Skip this Video
Download Presentation
Entrance into System

Loading in 2 Seconds...

play fullscreen
1 / 37

entrance into system - PowerPoint PPT Presentation

  • Uploaded on

Entrance into System. Arrest. Psych Emergency. Emergency Room. Assessment. Domestic Violence. Family Court. Probation - Parole. Schools. Abuse versus Addiction.

I am the owner, or an agent authorized to act on behalf of the owner, of the copyrighted work described.
Download Presentation

PowerPoint Slideshow about 'entrance into system' - Leo

An Image/Link below is provided (as is) to download presentation

Download Policy: Content on the Website is provided to you AS IS for your information and personal use and may not be sold / licensed / shared on other websites without getting consent from its author.While downloading, if for some reason you are not able to download a presentation, the publisher may have deleted the file from their server.

- - - - - - - - - - - - - - - - - - - - - - - - - - E N D - - - - - - - - - - - - - - - - - - - - - - - - - -
Presentation Transcript
entrance into system
Entrance into System


Psych Emergency

Emergency Room


Domestic Violence

Family Court

Probation - Parole


abuse versus addiction

Abuse versus Addiction

Substance Abuse is distinguished from Addiction by the appearance of tolerance and withdrawal, leading to loss of control over use.

Substance abusers require motivation to stop.

Addicts require treatment to stop.


Monitoring and Treatment

In-custody Treatment

Residential Treatment

IOP + Sober Living

Intensive Outpatient





Random UDS 6 months

(Positive UDS)




Random UDS

6 tests/90 days






Rapidly spreading outbreak of disease that affects an unexpectedly large number of people within a very short period.

prescription drug abuse

Prescription Drug Abuse

Opiate pain medications

Benzodiazepine tranquilizers

Prescription stimulants

(Adderall, Ritalin)

Sleeping pills, muscle relaxants

definition of addiction
Definition of Addiction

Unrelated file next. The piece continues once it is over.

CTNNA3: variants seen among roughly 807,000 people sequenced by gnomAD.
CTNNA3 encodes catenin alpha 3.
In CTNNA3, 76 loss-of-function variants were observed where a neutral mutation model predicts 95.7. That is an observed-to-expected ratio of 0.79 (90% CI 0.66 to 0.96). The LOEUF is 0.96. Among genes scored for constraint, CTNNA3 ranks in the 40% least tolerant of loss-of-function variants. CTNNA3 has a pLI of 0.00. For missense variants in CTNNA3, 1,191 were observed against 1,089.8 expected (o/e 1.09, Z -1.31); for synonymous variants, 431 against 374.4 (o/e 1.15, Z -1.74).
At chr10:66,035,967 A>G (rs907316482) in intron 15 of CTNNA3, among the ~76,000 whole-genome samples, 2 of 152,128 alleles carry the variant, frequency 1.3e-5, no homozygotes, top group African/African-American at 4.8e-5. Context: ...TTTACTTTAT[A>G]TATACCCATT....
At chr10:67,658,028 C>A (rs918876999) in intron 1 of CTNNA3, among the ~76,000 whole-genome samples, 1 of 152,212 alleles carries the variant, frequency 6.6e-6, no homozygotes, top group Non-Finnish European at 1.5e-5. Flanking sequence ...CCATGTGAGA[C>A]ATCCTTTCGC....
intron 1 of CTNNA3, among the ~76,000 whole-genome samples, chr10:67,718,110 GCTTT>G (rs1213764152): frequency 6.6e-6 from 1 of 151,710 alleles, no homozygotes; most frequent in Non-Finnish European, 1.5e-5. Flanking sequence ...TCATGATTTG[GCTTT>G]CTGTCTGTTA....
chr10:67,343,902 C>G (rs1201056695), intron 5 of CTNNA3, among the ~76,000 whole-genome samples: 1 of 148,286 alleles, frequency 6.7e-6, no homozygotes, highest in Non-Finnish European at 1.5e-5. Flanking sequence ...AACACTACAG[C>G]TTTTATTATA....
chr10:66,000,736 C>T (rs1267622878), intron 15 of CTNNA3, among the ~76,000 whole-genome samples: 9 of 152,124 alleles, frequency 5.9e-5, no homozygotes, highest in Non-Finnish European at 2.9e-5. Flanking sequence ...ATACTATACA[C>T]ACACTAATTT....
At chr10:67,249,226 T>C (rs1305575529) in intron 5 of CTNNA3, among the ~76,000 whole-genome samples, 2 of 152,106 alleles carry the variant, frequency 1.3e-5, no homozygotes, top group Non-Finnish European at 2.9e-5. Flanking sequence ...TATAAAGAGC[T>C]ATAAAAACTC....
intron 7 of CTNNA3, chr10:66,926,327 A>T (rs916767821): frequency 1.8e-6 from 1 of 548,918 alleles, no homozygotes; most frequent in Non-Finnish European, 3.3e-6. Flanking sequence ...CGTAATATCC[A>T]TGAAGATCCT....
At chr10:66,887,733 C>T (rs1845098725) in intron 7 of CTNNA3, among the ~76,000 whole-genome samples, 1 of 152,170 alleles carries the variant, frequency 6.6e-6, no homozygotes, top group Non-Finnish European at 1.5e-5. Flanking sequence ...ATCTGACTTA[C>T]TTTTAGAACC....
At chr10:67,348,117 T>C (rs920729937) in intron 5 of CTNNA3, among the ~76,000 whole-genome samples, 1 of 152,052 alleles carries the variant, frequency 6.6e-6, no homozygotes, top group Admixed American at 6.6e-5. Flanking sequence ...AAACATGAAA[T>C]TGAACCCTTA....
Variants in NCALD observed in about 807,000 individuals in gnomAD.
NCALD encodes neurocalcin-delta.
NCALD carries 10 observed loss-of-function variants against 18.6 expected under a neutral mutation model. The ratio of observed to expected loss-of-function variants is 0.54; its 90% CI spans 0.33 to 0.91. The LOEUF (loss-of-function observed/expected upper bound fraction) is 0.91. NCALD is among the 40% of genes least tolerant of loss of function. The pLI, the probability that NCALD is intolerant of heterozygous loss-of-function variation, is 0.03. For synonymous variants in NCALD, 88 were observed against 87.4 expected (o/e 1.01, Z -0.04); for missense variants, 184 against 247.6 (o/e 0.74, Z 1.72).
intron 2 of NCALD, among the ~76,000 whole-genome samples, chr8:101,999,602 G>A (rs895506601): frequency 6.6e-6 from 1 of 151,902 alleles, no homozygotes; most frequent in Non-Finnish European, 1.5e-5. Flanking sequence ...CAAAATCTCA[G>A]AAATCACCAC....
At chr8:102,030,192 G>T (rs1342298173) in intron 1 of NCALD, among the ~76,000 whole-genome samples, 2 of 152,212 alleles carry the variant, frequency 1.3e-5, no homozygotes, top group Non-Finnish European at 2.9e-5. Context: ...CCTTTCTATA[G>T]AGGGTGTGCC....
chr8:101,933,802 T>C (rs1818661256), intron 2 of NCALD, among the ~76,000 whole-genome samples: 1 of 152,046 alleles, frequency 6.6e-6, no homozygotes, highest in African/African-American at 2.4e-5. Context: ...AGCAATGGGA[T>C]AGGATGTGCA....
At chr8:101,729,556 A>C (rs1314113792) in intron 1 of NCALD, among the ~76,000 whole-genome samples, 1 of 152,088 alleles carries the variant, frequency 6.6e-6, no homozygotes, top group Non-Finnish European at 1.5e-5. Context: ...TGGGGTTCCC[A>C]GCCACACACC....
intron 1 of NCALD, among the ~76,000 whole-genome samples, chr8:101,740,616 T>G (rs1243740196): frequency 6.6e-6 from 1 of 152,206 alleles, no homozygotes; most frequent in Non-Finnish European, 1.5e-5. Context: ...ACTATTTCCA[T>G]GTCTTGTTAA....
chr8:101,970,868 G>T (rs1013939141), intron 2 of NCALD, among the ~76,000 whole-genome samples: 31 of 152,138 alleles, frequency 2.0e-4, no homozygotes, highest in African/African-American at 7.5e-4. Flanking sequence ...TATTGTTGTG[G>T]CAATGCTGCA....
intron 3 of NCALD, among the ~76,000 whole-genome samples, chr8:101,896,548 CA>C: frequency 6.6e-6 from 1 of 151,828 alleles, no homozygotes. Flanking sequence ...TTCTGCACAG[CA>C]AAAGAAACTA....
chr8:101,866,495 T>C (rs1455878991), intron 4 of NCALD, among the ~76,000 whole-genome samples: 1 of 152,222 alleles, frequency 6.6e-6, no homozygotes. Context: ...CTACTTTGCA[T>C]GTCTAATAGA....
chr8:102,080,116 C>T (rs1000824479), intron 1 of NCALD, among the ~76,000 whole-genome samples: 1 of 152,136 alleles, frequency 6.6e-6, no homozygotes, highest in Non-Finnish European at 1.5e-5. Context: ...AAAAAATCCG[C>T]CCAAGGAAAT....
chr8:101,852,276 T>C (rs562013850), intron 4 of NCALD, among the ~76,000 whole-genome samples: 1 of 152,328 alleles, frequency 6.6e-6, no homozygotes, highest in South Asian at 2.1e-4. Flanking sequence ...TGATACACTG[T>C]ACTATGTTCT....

• Compulsion: loss of control

The user can’t not do it s/he is compelled to use.

Compulsion is not rational and is not planned.

  • Continued use despite adverse consequences

An addict is a person who uses even though s/he knows it is causing problems.

Addiction is staged based on adverse consequences.

  • Craving: daily symptom of the disease

The user experiences intense psychological preoccupation with getting and using the drug.

Craving is dysphoric, agitating and it feels very bad.

  • Denial/hypofrontality: distortion of cognition caused by craving

Under the pressure of intense craving, the user is temporarily blinded to the risks and consequences of using.



A system of data collection to monitor disease (drug use) in the community


Prescription Drug Surveillance Surveillance: a system of data collection for monitoring drug use in the community

Opiate mis-prescribing by local providers

Diversion of prescription opiates/ doctor shopping

Schoolyard sales

School drop out rates, expulsions and suspensions

Emergency room/hospital admissions

Pharmacy thefts/Fake prescriptions

Street sales

Increased local availability of heroin

Public health clinics monitoring for HIV, Hepatitis B&C, Abscesses

Admissions to local treatment facilities

Jail admissions for possession, car break-ins, residential burglaries

Increased appearance of opiate addicted prostitutes

Data on causes of death from death certificates

sentinel event

Sentinel Event

Clusters of deaths in a community, school, facility, work site or other institution over a short period.

Clusters of drug use in a community, school, facility, work site or other institution, usually three or more cases over a short period.

sentinel events in prescription drug abuse

Sentinel Events in Prescription Drug Abuse

Overdoses in younger individuals

DUI arrests with low BAL

Youth falling asleep in school

Youth stealing from parents and friends

Increased schoolyard drug and pill sales


“You’ve Got Drugs V” Prescription Drug Pushers on the Internet. National Center on Addiction and Substance Abuse, Columbia University 2008

prescription opiates
Prescription Opiates

Generic: Brand Name Non Tolerant 24 hr. dose

Codeine w/acetaminophen 500 mg

Hydrocodone:Vicodin, Lortab, Norco 20mg-60 mg

Hydromorphone: Dilaudid 20 mg-60 mg

Oxycodone: Percodan, OxyContin 20 mg-60 mg

Morphine sulfate: MS Contin 30 mg-60 mg

Fentanyl: Duragesic (transdermal), Actiq 25 mcg-50 mcg

Tolerant Users only Tolerant 24 hr. dose

Morphine sulfate: MS Contin 60 mg-upward

Fentanyl: Duragesic (transdermal) 75 mcg-300 mcg

Methadone: Methadose 60 mg-300 mg

Buprenorphine: Suboxone, Subutex 6 mg-32 mg

opiate progression from pills to the needle
Opiate progression from pills to the needle

Historically, untreated dependence on prescription opiates led to a trajectory from

  • Pills ingested orally
  • Pills crushed and snorted or smoked
  • Heroin snorted or smoked
  • Heroin used intravenously
overview of buprenorphine suboxone and subutex
Overview of Buprenorphine:Suboxone and Subutex
  • Highly safe medication (acute & chronic dosing).
  • Primary side effects: like other mu agonist opioids (e.g.,nausea, constipation) but may be less severe.